14 Engaging Physicians in Quality and Safety 1.1 Improve patient outcomes1.2 Reduce hassles and wasted time1.3 Understand the organization’s culture1.4 Understand the legal opportunities and barriers1. Discover Common Purpose:6. Adopt an Engaging Style:6.1 Involve doctors from the beginning6.2 Work with the real leaders6.3 Work with early adopters6.4 Make physician involvement visible6.5 Build trust within each quality initiative6.6 Communicate candidly6.7 Value physicians time with your time2. Reframe Values and Beliefs:2.1 Make physicians partners, not customers2.2 Promote both system and individual responsibility for qualityEngaging Physicians in Quality and Safety3. Segment the Engagement Plan:5. Show Courage:5.1 Provide backup all the way to the Board3.1 Use the 20/80 Rule3.2 Identify and activate champions3.3 Educate and inform structural leaders3.4 Develop project management skills3.5 Identify and work with “laggards”4. Use “Engaging” Improvement Methods:4.1 Standardize what’s standardizable, and no more4.2 Generate light, not heat, with data4.3 Make the right thing easy to try4.4 Make the right thing easy to do
15 Engaging Physicians in a Shared Quality Agenda ReferenceReinertsen JL, Gosfield AG, Rupp W, Whittington JW.Engaging Physicians in a Shared Quality AgendaIHI Innovation Series white paper. Cambridge, Massachusetts: Institute for Healthcare Improvement; (Available on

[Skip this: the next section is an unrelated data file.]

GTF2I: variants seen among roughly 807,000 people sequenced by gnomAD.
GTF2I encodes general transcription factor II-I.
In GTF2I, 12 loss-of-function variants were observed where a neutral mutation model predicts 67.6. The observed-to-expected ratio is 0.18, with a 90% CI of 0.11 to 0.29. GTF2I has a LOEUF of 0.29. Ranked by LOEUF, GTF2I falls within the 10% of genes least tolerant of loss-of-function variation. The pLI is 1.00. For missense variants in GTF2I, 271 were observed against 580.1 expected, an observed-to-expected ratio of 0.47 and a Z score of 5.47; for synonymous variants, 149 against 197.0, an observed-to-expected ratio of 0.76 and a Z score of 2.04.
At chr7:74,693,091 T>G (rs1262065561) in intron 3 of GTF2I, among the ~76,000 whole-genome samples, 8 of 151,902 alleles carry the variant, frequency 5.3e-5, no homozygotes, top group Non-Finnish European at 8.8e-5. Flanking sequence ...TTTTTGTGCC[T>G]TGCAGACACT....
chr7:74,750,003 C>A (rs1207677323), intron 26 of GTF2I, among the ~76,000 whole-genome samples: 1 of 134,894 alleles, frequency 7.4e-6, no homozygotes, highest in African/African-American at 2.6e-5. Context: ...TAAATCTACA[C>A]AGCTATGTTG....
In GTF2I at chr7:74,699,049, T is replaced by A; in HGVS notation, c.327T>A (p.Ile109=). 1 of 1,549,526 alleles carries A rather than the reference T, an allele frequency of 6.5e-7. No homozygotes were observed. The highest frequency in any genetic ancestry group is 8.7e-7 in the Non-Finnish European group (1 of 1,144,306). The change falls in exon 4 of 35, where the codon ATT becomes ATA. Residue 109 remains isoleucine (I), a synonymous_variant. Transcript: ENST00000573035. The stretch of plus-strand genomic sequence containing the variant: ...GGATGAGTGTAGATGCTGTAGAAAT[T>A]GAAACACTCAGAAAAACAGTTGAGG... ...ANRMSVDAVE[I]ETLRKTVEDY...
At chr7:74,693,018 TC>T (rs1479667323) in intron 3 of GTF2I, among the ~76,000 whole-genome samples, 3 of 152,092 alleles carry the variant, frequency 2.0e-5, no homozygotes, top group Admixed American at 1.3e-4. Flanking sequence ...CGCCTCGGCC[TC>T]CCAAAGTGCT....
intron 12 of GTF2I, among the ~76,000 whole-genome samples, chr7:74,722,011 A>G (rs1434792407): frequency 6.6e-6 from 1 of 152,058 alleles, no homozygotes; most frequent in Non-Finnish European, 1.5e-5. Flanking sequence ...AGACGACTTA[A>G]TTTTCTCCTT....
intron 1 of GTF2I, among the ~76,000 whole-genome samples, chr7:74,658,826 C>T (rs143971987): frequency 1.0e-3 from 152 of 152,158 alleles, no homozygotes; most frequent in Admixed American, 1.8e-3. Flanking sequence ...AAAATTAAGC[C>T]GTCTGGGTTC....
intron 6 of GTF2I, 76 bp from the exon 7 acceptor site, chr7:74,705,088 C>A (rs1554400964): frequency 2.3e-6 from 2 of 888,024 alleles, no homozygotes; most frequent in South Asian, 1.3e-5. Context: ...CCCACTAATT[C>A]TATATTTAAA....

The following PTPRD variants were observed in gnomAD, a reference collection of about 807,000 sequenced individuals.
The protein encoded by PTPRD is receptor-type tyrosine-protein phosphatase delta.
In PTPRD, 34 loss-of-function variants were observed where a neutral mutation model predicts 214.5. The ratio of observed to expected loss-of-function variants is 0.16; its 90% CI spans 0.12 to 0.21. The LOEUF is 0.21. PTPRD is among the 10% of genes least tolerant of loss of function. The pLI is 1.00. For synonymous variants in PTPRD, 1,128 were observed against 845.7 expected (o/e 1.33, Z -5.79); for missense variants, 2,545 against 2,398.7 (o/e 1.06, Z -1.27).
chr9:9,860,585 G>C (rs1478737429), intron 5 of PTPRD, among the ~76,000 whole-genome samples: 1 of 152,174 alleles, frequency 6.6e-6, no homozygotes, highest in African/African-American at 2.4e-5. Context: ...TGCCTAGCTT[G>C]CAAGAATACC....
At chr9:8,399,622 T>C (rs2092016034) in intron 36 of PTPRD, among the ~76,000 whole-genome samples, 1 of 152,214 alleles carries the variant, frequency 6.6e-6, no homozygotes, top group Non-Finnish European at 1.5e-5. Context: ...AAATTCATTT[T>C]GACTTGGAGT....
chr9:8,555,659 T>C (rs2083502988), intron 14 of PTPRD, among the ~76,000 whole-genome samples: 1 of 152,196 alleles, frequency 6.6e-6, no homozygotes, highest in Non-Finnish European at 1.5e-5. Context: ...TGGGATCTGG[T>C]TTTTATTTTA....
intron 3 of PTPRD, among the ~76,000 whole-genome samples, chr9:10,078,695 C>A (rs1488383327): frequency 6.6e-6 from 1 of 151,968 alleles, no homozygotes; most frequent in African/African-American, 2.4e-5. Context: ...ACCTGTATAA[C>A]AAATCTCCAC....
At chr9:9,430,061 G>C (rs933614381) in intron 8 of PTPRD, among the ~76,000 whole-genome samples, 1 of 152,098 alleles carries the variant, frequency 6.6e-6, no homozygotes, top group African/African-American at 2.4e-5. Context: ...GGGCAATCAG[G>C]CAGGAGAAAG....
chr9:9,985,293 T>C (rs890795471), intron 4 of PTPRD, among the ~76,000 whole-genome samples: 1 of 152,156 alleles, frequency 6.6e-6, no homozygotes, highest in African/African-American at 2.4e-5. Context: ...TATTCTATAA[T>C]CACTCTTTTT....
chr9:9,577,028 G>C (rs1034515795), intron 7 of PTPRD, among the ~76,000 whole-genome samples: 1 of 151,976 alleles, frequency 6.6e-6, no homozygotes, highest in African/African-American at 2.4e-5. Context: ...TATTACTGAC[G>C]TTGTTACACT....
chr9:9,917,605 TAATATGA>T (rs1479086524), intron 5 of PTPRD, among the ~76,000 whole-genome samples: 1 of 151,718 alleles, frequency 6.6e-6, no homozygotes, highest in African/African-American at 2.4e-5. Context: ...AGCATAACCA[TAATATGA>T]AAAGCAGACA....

16 Winning Execution Strategies Pick a patient segment upon which to testWork with those who want to work with youSmall tests of change, small tests of change, small tests of changeLearn as you go: develop process for review and improvementEncourage customization
17 What Does the Evidence Tell Us? Rational Interventions Should Target Modes of MRSA TransmissionPerson-person via hands of health care providers – by far the most importantPersonal equipment (e.g., stethoscopes, PDAs and clothing)Environment contaminationAirborne transmissionCarriers on hospital staffRare common-source outbreaks
18 Prevention Infection and Colonization Colonized patients comprise the reservoir for transmission (“colonization pressure”)High rates of MRSA colonization complicate empiric antibiotic therapy (e.g., vancomycin)Colonized patients have a high rate of MRSA infection-Nearly 1/3 develop infection, often after dischargeColonization is long-lasting, and patients can transmit MRSA to patients in other health care settings (e.g., nursing homes), as well as to family members
19 Five Key Interventions Hand hygieneDecontamination of the environment and equipmentActive surveillance cultures (ASCs)Contact precautions for infected and colonized patientsCompliance with Central Venous Catheter and Ventilator Bundles
20 Causes of Failure in Making Transformational Change Not establishing a sense of urgencyNot forming a powerful enough guiding coalitionLacking a visionUnder communicating the vision by a factor of tenNot removing obstacles to the new visionNot systematically planning for and creating short term winsDeclaring victory too soonNot anchoring the changes in the corporation’s cultureJohn P. Kotter, Harvard Business Review
21 What It Takes to Improve a System “Change is possible if we have the desire and commitment to make it happen.”-Mohandas GandhiWillCQIIdeasExecution“Just do it.”-Nike“Every system is perfectly designed to achieve the results that it gets.”- Paul Batalden